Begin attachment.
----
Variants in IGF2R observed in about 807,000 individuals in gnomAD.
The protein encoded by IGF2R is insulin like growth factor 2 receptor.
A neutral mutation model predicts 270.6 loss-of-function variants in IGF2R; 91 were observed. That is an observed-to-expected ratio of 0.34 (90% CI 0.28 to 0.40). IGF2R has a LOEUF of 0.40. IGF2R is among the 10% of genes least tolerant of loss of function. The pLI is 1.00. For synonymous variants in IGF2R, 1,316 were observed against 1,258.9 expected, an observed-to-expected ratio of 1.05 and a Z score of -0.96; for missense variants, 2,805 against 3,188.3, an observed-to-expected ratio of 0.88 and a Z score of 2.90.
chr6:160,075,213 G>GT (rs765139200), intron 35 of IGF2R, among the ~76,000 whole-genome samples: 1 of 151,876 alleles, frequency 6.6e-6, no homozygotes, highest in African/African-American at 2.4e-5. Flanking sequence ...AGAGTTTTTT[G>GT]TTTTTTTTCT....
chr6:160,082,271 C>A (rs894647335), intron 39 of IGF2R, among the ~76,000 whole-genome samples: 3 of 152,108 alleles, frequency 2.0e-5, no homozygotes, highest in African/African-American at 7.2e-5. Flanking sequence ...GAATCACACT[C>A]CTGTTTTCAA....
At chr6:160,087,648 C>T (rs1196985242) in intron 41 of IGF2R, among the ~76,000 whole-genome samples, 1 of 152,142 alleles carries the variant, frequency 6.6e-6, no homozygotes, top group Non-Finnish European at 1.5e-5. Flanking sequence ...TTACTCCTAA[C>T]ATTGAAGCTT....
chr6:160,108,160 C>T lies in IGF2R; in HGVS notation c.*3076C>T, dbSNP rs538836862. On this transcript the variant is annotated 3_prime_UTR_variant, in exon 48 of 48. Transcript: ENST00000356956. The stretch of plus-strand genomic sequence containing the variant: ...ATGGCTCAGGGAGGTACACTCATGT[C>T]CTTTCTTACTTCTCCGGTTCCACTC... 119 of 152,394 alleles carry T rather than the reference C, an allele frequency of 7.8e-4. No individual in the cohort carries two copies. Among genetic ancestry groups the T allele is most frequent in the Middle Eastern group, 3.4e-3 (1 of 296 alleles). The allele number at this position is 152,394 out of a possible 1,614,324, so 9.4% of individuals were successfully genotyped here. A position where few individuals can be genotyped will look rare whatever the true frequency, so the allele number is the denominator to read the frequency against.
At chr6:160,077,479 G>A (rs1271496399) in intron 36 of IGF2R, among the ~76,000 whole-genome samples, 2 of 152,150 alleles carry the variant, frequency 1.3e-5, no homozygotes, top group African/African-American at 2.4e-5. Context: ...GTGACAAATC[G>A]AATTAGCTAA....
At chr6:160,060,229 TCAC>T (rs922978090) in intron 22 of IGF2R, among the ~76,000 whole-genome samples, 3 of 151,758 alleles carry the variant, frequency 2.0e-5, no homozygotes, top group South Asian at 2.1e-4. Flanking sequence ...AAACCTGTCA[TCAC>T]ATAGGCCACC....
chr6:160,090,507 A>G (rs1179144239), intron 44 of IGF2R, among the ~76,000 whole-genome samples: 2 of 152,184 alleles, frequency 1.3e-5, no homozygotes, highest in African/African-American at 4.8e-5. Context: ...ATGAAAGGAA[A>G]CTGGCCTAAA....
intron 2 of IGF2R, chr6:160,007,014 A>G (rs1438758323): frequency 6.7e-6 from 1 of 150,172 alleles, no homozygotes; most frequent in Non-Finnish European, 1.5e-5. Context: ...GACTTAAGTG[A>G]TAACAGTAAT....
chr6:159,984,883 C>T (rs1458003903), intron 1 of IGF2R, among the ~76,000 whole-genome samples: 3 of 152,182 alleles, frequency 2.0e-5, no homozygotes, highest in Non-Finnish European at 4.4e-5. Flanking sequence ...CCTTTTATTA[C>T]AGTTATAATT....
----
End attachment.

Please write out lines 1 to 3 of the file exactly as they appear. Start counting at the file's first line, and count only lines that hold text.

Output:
Variants in IGF2R observed in about 807,000 individuals in gnomAD.
The protein encoded by IGF2R is insulin like growth factor 2 receptor.
A neutral mutation model predicts 270.6 loss-of-function variants in IGF2R; 91 were observed. That is an observed-to-expected ratio of 0.34 (90% CI 0.28 to 0.40). IGF2R has a LOEUF of 0.40. IGF2R is among the 10% of genes least tolerant of loss of function. The pLI is 1.00. For synonymous variants in IGF2R, 1,316 were observed against 1,258.9 expected, an observed-to-expected ratio of 1.05 and a Z score of -0.96; for missense variants, 2,805 against 3,188.3, an observed-to-expected ratio of 0.88 and a Z score of 2.90.